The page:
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Twitter Turns to Real Live Humans To Help Search Efforts



Twitter and search have never really gone hand in hand have they?

It’s not easy to index millions (well let’s make that billions) of tweets especially since the nuances of language can make context a difficult thing to understand.

Twitter knows that its search must improve and its latest efforts are laid out in painstaking detail in a post on the Twitter engineering blog. We’ll get to the words in a minute. First, you may (and I emphasize may) want to watch this video that is part of the post. If you want the 3.5 minutes of your life back after watching us don’t complain to us. You have been warned.

Now to the words. Essentially, Twitter is using real-time work by real humans to help categorize the mountains of tweets which, in turn, help with making Twitter search more effective. The trick is doing the categorization as close to the trending ‘spike’ in tweets that occurs around subjects and events in real time. The post tells us

From a search and advertising perspective, however, these sudden events pose several challenges:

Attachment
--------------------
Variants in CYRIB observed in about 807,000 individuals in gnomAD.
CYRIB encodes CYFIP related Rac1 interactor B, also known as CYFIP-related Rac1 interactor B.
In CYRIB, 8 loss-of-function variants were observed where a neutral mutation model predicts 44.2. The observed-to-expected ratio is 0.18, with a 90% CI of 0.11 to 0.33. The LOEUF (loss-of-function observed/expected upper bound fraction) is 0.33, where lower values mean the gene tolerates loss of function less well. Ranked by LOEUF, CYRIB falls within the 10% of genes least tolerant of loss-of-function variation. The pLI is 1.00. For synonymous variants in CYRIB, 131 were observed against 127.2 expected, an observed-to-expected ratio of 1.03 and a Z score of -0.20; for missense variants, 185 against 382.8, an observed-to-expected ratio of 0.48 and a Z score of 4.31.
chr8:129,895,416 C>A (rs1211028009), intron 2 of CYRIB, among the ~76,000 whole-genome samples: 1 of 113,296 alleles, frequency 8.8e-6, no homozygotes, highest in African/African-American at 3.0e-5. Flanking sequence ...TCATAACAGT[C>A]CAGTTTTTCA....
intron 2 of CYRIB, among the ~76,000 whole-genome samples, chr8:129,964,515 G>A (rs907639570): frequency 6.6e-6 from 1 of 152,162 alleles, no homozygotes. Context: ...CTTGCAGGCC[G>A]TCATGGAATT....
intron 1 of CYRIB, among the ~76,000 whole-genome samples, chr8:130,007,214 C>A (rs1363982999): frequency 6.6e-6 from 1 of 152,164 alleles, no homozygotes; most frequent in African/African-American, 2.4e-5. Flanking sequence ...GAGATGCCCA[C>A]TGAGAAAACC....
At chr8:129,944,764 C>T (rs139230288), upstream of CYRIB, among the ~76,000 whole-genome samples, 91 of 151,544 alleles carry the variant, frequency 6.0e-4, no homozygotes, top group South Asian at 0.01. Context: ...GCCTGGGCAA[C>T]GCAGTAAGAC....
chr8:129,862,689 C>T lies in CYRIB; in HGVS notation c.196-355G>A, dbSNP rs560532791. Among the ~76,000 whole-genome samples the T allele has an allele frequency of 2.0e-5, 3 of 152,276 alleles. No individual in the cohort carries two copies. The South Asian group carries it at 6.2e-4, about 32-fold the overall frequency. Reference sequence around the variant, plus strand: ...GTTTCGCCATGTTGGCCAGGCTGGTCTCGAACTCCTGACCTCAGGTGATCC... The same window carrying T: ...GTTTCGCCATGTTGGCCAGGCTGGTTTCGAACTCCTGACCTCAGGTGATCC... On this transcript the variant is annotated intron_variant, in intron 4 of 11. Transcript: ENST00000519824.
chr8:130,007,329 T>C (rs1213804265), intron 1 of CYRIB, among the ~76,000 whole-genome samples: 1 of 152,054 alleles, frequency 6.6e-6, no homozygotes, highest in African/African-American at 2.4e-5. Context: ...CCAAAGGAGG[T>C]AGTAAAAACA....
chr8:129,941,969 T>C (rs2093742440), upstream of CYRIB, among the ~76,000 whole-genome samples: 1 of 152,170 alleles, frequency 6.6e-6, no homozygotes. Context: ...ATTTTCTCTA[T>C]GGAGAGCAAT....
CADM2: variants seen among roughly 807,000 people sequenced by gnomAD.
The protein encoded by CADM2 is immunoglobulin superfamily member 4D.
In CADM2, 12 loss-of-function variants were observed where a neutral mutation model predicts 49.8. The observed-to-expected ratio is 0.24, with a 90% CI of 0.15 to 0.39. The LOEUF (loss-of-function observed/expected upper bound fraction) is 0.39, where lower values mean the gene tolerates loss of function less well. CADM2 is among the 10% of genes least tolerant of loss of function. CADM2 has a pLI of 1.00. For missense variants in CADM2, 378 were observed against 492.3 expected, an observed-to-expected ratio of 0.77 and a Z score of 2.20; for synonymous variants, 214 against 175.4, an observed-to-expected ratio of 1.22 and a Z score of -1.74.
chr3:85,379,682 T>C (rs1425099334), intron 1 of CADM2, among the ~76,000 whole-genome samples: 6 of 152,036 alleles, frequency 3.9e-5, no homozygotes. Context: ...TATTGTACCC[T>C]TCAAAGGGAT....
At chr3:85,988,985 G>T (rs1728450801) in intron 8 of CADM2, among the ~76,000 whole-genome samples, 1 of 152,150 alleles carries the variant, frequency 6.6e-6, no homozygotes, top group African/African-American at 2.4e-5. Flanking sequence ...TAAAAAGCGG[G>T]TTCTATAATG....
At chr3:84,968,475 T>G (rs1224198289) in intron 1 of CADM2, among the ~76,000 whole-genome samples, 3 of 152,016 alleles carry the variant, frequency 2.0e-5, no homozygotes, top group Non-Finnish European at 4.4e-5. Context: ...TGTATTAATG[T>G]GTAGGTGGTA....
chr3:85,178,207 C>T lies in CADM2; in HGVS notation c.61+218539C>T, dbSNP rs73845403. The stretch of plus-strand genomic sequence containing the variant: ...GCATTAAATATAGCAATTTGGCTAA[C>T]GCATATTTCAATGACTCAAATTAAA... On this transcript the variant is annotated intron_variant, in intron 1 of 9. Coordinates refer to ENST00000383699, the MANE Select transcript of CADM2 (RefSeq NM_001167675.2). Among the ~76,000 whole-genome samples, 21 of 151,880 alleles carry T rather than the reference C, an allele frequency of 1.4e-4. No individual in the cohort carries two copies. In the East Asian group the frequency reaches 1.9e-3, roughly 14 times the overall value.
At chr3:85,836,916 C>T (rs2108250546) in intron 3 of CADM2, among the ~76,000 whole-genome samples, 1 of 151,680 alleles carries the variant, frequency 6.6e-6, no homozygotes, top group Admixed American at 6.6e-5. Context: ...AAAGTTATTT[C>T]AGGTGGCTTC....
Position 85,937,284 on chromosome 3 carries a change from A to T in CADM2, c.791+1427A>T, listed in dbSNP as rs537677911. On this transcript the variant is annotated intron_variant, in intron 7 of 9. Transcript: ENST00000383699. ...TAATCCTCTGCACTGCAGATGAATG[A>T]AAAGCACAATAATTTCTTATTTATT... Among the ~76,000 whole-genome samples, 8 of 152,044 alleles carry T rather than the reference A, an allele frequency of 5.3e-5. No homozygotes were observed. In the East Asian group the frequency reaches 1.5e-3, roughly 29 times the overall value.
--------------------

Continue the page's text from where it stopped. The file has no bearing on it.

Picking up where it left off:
1. The queries people perform have probably never before been seen, so it’s impossible to know without very specific context what they mean. How would you know that #bindersfullofwomen refers to politics, and not office accessories, or that people searching for “horses and bayonets” are interested in the Presidential debates?

2. Since these spikes in search queries are so short-lived, there’s only a small window of opportunity to learn what they mean.

So an event happens, people instantly come to Twitter to search for the event, and we need to teach our systems what these queries mean as quickly as we can — because in just a few hours, the search spike will be gone.

How do we do this? We’ve built a real-time human computation engine to help us identify search queries as soon as they’re trending, send these queries to real humans to be judged, and then incorporate the human annotations into our back-end models.

There is mention of the Storm topology used and an explanation of the Turkers (those silly humanoids) which appear to be of the in-house variety due to the complexities of this operation and more. It appears to be quite an undertaking.

But it’s one of the final sentences in the post that is the most telling when the author thanks who was involved in getting this project underway. Look who is first in line (although not mentioned at all in post otherwise).

Many thanks to the Revenue and Storm teams, as well as our Turkers, for their help in launching this project.

No surprise here because while this whole thing appears to be about search and Turks and better results its really about revenue. Isn’t everything? Now we’ll see just how this activity turns into advertising products for Twitter and how Twitter will pay to scale this operation with your ad dollars. Makes sense to me.

Your thoughts?